I recently upgraded to my boot HDD to an SSD (Intel 335 240gb) and installed Win 8 Pro through Win 7 upgrade. I removed my other 2 HDD and plugged the SSD via SATA2 then before installing the Win 7 Ultimate I changed from IDE to AHCI. Once done I proceeded to install Win 7 then upgraded to Win 8 then installed the necessary drivers. From what I have seen the boot up time for Win 8 is blazingly fast like 7s at least but mine is 35s! I have not installed any antivirus/ mS office or games yet on the OS.
I pretty much tried everything that you could think of to speed up the boot time by:
Changing BIOS settings - boot priority setting the SSD first
Enabling quickboot/ disablling and disabling other controllers/ reducing timeouts detection
I have 0 startup programs and no schedule tasks based from CC Cleaner
Also went to tick the no GUI boot on msconfig
Disable lock screen and login prompt
The mouse and keyboard are the only device installed via USB
I have noticed that from a cold shutdown upon turning the PC the BIOS does not show straight away and once I get to the Win 8 logo (splash screen) there is a delay of around 10s before going to the Win 8 start screen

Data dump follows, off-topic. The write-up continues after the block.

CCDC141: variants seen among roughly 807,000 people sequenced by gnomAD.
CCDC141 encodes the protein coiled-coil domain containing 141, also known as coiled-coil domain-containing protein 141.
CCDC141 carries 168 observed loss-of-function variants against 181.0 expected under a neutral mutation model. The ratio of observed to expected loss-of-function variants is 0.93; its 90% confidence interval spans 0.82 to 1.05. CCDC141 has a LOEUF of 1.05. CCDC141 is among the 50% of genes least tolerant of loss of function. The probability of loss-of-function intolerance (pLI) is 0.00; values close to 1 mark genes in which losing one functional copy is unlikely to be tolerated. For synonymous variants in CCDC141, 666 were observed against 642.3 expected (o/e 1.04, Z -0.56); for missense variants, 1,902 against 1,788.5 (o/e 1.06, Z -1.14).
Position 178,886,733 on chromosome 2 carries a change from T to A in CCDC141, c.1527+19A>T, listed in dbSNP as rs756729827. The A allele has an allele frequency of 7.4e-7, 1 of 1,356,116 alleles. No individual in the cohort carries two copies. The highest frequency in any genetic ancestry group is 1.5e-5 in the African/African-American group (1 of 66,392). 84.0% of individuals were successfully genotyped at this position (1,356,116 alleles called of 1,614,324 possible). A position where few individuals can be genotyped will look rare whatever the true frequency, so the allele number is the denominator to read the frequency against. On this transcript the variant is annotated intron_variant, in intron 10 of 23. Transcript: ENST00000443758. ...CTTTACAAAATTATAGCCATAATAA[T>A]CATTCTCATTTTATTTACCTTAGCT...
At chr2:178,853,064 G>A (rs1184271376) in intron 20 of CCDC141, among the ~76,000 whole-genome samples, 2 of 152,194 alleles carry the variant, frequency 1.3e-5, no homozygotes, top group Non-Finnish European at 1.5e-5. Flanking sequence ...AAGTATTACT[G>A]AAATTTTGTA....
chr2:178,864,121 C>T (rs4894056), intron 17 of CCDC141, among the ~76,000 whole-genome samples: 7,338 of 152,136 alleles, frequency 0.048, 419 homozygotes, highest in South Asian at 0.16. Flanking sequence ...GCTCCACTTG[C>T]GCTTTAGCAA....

Can someone help me determine the cause of this delays?
windows 8 is aware of large hard drives, it does extra data integrity check on hard drives. Unlike windows 7 it will post these repairs and check into a background queue and proceed to do the various repairs on all of your drives.
This can slow your system down while these repairs are being made. I think win8 limits the how much time the repair can use of your CPU time.
windows 7 will make you run chkdsk and wait for it to complete.
just a guess, but it could be a lot of things. power button setting might have changed in control panel. devices going to low power mode and not waking up correctly. it is hard to say
Note: from a cold power boot (no power to power on) the BIOS will not start until the CPU gets a signal from the motherboard, the motherboard get the signal from the powersupply power good control line. The power supply does not send the signal until its internal circuits indicate the power has reach a certain level and has stopped fluctuating.
a long delay before post sometimes may indicate the first signs of a power supply starting to fail.